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When Henrietta’s cells were brought to Gey’s lab, they were dropped in test tubes with chicken blood and culture medium and were labeled “HeLa” (the first two letters of “Henrietta” and “Lacks”). They were then loaded into an incubator. And the cancer cells grew. And grew. The cells doubled their numbers every 24 hours and were so aggressive that they refused to die. Henrietta’s cancer had mutated her cells into the first “immortal” human cells ever cultured. Gey began telling his colleagues about HeLa and requests for samples began pouring in.

By then Henrietta’s aggressive cancer had ravaged her body, and she died on October 4, 1951. Her autopsy revealed that her cancer had spread to nearly every one of her organs. No one at Johns Hopkins thought to tell Henrietta how important her cells were. Her husband and children wouldn’t find out about HeLa until 1973 when researchers appeared at their door, wanting blood samples.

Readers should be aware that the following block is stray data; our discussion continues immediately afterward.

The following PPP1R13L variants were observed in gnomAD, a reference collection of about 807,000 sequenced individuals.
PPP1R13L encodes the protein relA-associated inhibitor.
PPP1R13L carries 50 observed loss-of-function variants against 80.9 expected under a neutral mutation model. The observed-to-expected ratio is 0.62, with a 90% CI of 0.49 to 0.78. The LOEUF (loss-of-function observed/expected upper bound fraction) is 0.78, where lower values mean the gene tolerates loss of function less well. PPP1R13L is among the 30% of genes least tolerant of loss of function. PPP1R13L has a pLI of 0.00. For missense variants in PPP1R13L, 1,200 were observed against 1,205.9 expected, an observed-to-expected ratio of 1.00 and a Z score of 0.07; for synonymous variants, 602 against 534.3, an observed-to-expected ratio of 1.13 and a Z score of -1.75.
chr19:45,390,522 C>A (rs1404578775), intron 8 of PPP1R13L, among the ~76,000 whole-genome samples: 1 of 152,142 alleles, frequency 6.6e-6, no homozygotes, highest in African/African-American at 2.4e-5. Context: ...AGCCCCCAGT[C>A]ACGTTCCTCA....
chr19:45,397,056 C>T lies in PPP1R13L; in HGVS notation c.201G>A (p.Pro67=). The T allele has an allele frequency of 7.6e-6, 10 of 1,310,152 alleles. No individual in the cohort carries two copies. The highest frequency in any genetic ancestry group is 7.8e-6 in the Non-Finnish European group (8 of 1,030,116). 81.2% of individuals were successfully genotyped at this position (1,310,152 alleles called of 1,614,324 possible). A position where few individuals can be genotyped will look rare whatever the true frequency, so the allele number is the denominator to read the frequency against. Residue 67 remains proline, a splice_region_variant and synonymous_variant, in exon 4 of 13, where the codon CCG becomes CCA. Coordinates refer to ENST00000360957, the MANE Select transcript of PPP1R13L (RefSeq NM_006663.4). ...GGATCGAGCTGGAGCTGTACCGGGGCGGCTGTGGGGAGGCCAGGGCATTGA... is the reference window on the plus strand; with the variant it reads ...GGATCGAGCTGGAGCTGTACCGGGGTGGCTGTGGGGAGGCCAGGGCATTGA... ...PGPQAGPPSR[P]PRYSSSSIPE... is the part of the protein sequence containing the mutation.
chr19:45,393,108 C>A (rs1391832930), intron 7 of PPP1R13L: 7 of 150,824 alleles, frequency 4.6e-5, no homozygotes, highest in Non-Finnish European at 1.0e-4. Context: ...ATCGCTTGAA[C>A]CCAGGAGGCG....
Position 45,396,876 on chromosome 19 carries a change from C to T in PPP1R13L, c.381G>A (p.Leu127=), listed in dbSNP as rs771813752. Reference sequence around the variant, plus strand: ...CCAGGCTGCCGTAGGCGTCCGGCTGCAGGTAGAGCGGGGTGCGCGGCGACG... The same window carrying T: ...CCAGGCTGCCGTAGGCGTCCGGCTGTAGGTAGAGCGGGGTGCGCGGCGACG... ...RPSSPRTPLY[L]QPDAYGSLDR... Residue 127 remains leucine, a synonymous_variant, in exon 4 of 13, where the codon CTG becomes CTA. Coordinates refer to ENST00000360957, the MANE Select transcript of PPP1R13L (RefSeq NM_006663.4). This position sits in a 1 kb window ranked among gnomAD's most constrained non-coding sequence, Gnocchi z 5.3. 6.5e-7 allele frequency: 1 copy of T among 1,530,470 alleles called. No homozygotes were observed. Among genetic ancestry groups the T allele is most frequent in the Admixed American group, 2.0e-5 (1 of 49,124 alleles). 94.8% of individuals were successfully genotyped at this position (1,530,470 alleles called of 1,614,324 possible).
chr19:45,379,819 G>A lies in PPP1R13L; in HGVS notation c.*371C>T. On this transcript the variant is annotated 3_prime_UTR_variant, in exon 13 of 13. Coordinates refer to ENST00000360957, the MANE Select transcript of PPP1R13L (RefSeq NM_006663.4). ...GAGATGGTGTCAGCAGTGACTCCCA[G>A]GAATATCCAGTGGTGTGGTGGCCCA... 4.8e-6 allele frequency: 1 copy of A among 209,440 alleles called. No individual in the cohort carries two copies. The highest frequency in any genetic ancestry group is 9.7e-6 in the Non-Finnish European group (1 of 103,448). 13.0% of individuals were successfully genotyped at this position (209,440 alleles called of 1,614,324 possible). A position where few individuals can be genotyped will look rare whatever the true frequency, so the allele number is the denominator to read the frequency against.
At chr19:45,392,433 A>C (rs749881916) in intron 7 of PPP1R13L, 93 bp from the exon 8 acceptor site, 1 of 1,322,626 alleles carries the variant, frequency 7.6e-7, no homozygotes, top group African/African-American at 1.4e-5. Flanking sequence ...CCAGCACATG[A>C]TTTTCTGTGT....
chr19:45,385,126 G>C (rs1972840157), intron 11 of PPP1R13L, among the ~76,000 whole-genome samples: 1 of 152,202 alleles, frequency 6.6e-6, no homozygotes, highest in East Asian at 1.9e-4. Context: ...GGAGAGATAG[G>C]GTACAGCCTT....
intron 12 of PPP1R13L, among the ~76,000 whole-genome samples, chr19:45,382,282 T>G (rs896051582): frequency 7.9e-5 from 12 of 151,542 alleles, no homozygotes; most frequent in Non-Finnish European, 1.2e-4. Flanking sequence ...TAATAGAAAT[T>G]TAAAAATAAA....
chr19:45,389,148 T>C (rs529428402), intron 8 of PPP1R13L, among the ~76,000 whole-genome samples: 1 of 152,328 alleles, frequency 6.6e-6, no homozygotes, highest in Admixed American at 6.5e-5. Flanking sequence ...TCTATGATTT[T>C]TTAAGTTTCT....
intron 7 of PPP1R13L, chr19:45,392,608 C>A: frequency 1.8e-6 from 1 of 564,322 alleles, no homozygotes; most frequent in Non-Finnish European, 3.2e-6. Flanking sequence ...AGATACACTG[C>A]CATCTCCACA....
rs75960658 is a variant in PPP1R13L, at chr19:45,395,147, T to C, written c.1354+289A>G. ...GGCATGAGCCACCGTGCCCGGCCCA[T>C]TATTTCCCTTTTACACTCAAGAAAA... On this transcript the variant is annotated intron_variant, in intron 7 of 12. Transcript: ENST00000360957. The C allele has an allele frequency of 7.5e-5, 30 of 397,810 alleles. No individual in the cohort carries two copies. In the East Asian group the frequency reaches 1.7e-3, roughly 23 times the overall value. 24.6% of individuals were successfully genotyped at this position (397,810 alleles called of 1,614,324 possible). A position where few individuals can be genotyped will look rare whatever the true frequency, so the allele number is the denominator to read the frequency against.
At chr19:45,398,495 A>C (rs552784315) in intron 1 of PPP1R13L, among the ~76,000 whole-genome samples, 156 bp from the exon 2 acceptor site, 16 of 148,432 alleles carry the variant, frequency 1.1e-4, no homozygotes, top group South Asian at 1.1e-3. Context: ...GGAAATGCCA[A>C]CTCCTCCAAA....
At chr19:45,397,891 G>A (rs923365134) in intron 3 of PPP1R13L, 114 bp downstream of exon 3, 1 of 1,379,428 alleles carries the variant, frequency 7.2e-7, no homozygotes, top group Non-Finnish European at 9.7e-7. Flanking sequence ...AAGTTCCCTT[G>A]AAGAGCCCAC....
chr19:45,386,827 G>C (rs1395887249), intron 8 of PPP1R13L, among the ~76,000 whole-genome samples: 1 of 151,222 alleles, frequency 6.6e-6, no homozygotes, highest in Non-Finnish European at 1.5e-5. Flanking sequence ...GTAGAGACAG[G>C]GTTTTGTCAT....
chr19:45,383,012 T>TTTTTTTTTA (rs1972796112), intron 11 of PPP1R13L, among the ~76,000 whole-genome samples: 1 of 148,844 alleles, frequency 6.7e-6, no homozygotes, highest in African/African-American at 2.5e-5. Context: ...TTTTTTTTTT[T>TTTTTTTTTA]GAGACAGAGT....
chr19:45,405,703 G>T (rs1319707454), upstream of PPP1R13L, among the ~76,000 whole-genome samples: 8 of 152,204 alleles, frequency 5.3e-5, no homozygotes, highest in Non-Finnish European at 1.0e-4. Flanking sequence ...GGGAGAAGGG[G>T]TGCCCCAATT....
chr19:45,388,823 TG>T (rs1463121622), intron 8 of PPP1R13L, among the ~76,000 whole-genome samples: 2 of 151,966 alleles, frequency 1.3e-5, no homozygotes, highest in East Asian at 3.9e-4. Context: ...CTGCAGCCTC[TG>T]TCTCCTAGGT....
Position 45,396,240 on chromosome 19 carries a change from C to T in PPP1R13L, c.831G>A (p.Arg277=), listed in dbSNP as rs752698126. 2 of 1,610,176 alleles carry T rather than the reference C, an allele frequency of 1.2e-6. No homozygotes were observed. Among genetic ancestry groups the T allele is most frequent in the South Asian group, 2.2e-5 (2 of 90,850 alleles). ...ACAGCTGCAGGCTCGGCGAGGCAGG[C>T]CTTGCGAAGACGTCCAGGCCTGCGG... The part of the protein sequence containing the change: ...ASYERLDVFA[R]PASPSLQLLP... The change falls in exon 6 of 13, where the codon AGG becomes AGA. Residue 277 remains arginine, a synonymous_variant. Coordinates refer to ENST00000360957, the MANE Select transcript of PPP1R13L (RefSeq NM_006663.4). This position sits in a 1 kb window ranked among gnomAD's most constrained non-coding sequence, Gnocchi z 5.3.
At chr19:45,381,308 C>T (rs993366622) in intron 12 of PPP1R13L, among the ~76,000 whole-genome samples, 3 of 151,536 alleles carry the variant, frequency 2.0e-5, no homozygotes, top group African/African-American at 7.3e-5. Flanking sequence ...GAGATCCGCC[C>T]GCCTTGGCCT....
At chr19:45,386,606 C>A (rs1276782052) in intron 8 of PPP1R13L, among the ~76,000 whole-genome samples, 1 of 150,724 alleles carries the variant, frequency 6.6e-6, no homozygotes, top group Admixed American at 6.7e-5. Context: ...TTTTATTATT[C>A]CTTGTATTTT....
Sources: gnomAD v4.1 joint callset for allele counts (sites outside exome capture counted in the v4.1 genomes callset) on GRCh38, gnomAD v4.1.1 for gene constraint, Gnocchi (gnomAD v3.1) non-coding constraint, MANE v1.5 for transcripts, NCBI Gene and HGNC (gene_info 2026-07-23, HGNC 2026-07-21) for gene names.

The Lacks family was astonished to discover a multibillion-dollar industry had sprung up to sell Henrietta’s cells. Jonas Falk used HeLa to develop the polio vaccine. Henrietta’s became the first human cells cloned in 1955. HeLa allowed scientists to finally identify the number of human chromosomes as 46 instead of 48. HeLa could be exposed to radiation, infections, and toxins at doses impossible with living human subjects. HeLa could be bombarded with drugs in order to find something that would kill cancer. Over 10,000 patents were registered using HeLa and, just since 2001, five Nobel Prizes were awarded for research using HeLa. Everybody wanted it, so the Tuskegee Institute mass-produced it, shipping 20,000 test tubes of HeLa every week. One scientist estimated that if all the HeLa cells used in the last 60 years were piled up on a scale, it would weigh 50 million metric tons, about the same weight of over 100 Empire State Buildings.